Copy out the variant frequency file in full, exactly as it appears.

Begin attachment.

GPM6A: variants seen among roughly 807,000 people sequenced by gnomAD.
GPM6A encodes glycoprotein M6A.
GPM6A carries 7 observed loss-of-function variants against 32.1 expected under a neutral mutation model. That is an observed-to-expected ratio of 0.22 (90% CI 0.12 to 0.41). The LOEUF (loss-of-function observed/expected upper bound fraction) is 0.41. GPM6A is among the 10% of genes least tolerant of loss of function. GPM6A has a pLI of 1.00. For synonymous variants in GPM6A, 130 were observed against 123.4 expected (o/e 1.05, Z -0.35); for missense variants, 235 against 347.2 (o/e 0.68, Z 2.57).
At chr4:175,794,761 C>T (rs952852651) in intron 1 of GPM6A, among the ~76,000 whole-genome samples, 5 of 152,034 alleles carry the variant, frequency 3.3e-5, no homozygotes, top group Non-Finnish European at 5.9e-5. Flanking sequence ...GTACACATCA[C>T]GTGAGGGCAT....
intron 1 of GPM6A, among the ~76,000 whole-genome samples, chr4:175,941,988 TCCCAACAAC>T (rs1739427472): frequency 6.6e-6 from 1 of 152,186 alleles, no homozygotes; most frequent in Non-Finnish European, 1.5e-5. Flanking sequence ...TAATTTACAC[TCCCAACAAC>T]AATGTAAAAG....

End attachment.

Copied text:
GPM6A: variants seen among roughly 807,000 people sequenced by gnomAD.
GPM6A encodes glycoprotein M6A.
GPM6A carries 7 observed loss-of-function variants against 32.1 expected under a neutral mutation model. That is an observed-to-expected ratio of 0.22 (90% CI 0.12 to 0.41). The LOEUF (loss-of-function observed/expected upper bound fraction) is 0.41. GPM6A is among the 10% of genes least tolerant of loss of function. GPM6A has a pLI of 1.00. For synonymous variants in GPM6A, 130 were observed against 123.4 expected (o/e 1.05, Z -0.35); for missense variants, 235 against 347.2 (o/e 0.68, Z 2.57).
At chr4:175,794,761 C>T (rs952852651) in intron 1 of GPM6A, among the ~76,000 whole-genome samples, 5 of 152,034 alleles carry the variant, frequency 3.3e-5, no homozygotes, top group Non-Finnish European at 5.9e-5. Flanking sequence ...GTACACATCA[C>T]GTGAGGGCAT....
intron 1 of GPM6A, among the ~76,000 whole-genome samples, chr4:175,941,988 TCCCAACAAC>T (rs1739427472): frequency 6.6e-6 from 1 of 152,186 alleles, no homozygotes; most frequent in Non-Finnish European, 1.5e-5. Flanking sequence ...TAATTTACAC[TCCCAACAAC>T]AATGTAAAAG....